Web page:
Short Peptide Folding
How does the amino acid sequence of a protein chain determine and remain its 3D folded state? How do small proteins fold?
Many small proteins or miniproteins are peptides shorter than 40-50 residues with stable folding that contain secondary structure elements such as alpha helices and beta strands.
An autonomously folding, 35 residue, thermostable subdomain (HP36) of the villin headpiece, is the smallest folded domain of a naturally occurring protein. So, polypeptides simplify the protein-folding problem. It allows in-depth examinations of sequence-structure-stability relationships without using the complex larger proteins.
In this recent study, Rocklin et al. designed sequences intended to fold into desired structures. The novel proteins may be useful in bioengineering or pharmacological applications.
Check the paper from here: https://goo.gl/Tregb7
Understanding the process of peptide folding is a critical first step toward understanding protein folding. Depending on the temperature and solvent conditions, peptides are highly flexible and can adopt a variety of conformations in solution. Many unfolded peptides could spontaneously refold in vitro to form a native protein with full biological activity in the absence of other factors.
The primary sequence contains all the information to define the three dimensional structure of a protein and its biological functions. The mutation or deletion of any amino acid may have a big impact on folding and stability. It takes nanoseconds (ns) for the peptide to form an intermolecular contact. The timescales of loop closing is 10 nanosecond (ns). The formation of alpha-helical peptides is 200 ns, beta hairpins and mini-proteins in 1–10 ms timescale. Many studies had a very good agreement between measured and calculated folding rates. Many factors such as temperature, pH, molecular chaperones, salts, and denaturant may affect a peptide in reaching its native state.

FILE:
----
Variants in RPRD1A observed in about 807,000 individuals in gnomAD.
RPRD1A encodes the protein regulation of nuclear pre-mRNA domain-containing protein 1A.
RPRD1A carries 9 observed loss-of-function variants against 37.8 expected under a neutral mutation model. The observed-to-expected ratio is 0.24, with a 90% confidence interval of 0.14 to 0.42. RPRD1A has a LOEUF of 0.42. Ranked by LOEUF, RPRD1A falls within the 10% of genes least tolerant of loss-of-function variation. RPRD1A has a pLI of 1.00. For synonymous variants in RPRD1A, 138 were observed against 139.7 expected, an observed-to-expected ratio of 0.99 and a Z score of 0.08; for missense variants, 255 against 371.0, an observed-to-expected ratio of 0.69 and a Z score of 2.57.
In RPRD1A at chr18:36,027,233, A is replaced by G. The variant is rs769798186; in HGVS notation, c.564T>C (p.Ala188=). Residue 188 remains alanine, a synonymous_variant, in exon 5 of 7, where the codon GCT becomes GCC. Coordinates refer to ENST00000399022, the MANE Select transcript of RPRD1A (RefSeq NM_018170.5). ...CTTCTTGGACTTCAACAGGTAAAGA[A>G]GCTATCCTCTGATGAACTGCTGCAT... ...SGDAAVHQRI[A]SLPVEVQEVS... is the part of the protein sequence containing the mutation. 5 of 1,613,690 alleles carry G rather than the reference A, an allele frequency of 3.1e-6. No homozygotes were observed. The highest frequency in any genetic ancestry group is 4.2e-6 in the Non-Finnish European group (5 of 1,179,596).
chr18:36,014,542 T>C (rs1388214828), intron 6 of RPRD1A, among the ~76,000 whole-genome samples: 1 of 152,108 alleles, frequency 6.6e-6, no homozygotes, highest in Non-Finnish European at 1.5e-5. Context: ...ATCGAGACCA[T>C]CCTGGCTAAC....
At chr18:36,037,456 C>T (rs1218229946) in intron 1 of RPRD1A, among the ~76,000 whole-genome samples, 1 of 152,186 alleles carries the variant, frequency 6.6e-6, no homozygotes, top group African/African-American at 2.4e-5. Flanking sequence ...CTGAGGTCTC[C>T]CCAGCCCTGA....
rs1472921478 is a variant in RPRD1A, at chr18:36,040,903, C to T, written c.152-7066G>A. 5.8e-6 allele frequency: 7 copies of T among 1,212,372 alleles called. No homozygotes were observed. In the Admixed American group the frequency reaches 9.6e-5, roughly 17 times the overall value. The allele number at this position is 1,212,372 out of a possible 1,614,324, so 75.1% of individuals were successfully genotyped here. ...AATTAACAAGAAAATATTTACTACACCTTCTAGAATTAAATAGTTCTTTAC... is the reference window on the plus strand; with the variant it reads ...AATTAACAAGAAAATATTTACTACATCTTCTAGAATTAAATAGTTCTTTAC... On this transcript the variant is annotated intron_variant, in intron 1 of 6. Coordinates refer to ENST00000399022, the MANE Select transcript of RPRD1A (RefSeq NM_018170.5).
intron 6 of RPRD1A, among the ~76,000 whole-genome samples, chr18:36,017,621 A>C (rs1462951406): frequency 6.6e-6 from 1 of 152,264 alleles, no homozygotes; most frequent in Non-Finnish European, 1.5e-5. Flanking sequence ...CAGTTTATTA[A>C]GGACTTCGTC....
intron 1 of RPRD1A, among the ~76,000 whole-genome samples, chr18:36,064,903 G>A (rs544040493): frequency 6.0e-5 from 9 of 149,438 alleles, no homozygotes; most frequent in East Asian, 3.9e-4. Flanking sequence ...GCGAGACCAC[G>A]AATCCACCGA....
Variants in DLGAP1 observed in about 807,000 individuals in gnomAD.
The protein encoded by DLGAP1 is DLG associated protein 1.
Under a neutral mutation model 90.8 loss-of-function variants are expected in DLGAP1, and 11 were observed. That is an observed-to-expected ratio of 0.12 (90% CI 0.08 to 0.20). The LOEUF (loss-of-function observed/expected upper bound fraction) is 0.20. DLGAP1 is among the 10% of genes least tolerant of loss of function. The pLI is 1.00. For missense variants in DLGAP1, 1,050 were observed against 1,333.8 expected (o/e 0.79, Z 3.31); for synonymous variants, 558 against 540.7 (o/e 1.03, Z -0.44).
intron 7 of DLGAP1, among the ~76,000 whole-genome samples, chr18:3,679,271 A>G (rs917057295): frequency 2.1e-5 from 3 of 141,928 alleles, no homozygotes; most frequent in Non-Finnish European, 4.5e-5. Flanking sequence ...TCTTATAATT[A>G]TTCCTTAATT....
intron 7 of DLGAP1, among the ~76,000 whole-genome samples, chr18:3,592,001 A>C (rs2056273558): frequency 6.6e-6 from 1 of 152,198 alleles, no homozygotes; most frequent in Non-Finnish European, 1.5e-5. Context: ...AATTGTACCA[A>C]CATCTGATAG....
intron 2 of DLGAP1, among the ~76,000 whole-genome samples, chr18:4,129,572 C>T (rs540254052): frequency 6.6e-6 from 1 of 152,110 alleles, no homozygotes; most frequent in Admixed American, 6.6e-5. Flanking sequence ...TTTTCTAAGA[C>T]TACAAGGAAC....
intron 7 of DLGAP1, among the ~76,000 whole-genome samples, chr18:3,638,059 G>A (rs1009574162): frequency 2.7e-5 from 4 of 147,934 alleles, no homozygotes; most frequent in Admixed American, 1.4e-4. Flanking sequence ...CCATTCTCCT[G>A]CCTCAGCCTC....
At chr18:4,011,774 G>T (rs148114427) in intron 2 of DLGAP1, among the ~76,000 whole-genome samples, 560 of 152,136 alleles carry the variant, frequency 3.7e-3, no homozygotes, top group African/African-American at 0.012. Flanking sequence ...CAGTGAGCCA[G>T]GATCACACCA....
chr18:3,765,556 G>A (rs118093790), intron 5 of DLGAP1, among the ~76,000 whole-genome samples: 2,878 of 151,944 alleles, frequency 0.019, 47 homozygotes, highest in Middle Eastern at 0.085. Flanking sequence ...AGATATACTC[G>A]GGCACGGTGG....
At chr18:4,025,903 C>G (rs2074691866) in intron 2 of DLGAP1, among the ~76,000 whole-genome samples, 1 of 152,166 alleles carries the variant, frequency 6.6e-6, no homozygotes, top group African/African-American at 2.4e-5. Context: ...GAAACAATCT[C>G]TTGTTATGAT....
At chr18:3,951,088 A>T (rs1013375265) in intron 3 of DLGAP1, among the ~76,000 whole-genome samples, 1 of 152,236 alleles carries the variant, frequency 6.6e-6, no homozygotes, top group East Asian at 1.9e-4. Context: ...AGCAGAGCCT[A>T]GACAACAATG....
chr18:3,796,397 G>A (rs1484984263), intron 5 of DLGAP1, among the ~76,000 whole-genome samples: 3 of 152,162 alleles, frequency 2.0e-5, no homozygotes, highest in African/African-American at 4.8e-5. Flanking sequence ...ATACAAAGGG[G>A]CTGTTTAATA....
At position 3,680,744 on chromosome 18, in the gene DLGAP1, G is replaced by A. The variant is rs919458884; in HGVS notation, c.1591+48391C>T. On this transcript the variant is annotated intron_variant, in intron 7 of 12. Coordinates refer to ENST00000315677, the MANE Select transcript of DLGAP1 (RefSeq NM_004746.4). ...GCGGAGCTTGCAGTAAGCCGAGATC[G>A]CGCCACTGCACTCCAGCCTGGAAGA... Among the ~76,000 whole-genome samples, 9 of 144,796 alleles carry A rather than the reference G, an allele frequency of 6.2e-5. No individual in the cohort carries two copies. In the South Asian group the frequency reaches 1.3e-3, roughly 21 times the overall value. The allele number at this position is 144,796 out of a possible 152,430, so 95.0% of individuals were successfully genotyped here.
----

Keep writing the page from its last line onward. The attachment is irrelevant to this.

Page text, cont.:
So it is critical to minimize factors that affect protein refolding. A successful folding should have inadequate denaturant concentrations to destabilize the native state of a peptide or protein. GuHCL can be used in order to disrupt the hydrophobic interactions within the tertiary structure.
- The peptide was solubilized in resuspension buffer (50 mM Tris, pH 8, 6 M GuHCl (Sigma, G4505), 10 mM DTT, 2mM EDTA) by vortexing.
- Use enough resuspension buffer such that the final peptide concentration is 0.2mg/ml.
- The resuspended peptide was then diluted 50% in dialysis buffer #1 (50 mM Tris, pH 8, 2 M GuHCl, 2mM EDTA) resulting in a 4 M GuHCl containing solution.
- The peptide solution was then dialyzed overnight at 4°C in snakeskin dialysis tubing (Pierce) against 2 L of buffer #1.
- The following day the dialysis buffer was changed to 2 L of dialysis buffer #2 (50 mM Tris, pH 8, 1 M GuHCl, 0.4 M Arginine (Sigma, A5006), 3 mM Reduced Glutathione, 0.9 mM Oxidized Glutathione, 2mM EDTA) for overnight dialysis at 4°C.
- The following day the dialysis buffer was diluted 50% with water and dialysis continued overnight.
- Any insoluble material was centrifuged (18000×g at 2–8°C for 20 minutes) and the remaining peptide solution dialyzed overnight at 4°C against 1 L of dialysis buffer #3 (50 mM Tris, pH 8, 250 mM NaCl, 0.1 M Arginine, 3 mM Reduced Glutathione, 0.9 mM Oxidized Glutathione, 2mM EDTA) to remove the remaining GuHCl.
- The final dialyzed protein solution was clarified by centrifugation (18000×g at 2–8°C for 20 minutes) and the supernatant separated by RP-HPLC.